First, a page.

Commonwealth v. Little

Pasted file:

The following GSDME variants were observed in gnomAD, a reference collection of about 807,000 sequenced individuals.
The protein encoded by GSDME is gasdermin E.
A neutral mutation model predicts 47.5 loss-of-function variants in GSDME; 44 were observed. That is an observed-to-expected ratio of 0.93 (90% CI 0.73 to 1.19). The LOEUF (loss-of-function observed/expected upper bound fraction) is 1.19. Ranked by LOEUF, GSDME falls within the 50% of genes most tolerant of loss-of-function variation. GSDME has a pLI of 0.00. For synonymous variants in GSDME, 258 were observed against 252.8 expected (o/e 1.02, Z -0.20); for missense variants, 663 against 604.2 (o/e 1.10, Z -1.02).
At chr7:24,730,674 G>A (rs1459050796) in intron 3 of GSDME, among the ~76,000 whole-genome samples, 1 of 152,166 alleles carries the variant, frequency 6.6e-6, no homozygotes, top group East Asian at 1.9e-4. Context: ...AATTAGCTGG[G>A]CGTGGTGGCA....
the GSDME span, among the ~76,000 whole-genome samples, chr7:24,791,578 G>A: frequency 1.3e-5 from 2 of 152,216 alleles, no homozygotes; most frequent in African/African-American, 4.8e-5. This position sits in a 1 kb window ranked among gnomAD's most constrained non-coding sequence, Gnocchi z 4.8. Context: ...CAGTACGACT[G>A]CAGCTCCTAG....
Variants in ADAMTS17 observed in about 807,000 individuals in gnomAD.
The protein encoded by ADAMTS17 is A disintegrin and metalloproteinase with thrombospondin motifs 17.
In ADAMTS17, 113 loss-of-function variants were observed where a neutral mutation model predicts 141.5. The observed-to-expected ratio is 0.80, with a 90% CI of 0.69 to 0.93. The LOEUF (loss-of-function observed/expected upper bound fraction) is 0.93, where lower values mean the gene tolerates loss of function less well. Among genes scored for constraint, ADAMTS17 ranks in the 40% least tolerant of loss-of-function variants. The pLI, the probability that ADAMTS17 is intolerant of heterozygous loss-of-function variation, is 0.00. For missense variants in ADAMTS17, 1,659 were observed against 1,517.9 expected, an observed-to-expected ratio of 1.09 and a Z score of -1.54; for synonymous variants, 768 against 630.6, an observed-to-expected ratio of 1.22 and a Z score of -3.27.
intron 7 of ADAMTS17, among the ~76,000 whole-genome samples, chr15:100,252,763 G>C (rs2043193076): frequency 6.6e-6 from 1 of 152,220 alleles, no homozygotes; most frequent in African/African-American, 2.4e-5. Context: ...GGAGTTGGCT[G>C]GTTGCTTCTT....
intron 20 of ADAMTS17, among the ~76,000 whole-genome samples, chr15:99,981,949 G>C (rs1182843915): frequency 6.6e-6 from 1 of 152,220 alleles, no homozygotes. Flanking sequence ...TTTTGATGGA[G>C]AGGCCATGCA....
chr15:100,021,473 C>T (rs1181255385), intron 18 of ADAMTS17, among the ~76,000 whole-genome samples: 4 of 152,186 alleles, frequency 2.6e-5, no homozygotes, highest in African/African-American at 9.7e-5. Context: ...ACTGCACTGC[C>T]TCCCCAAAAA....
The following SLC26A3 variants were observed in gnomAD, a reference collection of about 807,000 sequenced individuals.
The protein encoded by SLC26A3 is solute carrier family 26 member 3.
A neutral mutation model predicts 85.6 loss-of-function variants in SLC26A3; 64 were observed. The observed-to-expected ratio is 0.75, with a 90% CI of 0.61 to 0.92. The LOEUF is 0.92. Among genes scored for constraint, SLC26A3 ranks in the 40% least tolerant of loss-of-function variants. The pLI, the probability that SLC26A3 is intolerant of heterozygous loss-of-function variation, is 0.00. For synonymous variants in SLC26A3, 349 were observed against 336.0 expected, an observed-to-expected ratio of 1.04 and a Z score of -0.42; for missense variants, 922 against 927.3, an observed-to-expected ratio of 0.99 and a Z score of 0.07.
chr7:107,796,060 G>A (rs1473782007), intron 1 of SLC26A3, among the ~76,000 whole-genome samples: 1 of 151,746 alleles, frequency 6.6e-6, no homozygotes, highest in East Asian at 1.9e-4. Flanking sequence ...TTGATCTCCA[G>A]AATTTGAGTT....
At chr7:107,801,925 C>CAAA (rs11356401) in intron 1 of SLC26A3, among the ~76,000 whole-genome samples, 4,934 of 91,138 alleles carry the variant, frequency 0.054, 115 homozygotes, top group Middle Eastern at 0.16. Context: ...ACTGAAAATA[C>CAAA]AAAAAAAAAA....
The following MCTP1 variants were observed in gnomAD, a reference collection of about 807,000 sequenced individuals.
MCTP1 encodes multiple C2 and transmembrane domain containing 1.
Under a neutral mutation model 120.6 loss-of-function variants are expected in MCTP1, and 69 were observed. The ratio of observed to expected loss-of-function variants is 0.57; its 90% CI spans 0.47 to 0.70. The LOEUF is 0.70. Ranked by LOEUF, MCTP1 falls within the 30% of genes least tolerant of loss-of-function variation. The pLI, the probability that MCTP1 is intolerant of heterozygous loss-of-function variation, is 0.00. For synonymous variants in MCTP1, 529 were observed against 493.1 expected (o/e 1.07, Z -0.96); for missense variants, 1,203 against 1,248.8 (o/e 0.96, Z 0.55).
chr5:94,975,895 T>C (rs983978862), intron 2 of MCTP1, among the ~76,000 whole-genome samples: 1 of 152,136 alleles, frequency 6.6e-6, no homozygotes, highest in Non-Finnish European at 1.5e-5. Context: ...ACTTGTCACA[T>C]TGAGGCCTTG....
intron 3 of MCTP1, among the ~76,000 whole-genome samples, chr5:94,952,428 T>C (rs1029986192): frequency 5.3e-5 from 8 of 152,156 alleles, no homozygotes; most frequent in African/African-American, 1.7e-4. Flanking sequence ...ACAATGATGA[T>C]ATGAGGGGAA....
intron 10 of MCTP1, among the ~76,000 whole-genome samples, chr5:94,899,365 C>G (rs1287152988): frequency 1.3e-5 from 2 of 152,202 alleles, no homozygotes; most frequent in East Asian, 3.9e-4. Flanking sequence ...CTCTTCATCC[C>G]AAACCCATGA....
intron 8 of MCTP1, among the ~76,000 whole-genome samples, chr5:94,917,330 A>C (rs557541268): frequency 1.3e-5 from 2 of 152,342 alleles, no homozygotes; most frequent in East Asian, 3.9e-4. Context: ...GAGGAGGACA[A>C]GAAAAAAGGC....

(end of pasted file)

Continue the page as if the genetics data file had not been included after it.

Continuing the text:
Little appealed the order denying his PCRA petition in which he alleged trial counsel was ineffective for failing to preserve an issue for direct appeal relating to a restriction on questioning of a defense witness. After the PCRA court denied a new trial on the ineffectiveness claim, Little appealed. A panel of the Superior Court determined that Little was entitled to re-raise the unpreserved issue, nunc pro tunc , as a remedy for counsel’s ineffectiveness. The Commonwealth applied for reconsideration, which the original panel granted. In Commonwealth v. Little, the new panel agreed with the previous disposition that, after objecting and arguing a potentially meritorious evidentiary issue, but then waiving the issue after the court gave an adverse ruling, trial counsel was ineffective, entitling Little to raise the waived issue in a new appeal. The Court noted, under a “mechanical” application of the Strickland test for prejudice, Little could not show prejudice because counsel’s deficient performance at trial – waiving an appellate issue – had no immediate effect on the verdict. However, for the first time in PA, in a narrow holding, the Court ruled that, in cases where the fact-finder must necessarily make a credibility determination “as to a pivotal witness”, the erroneous exclusion of evidence pertaining to the witness’ credibility may be found prejudicial and not harmless beyond a reasonable doubt.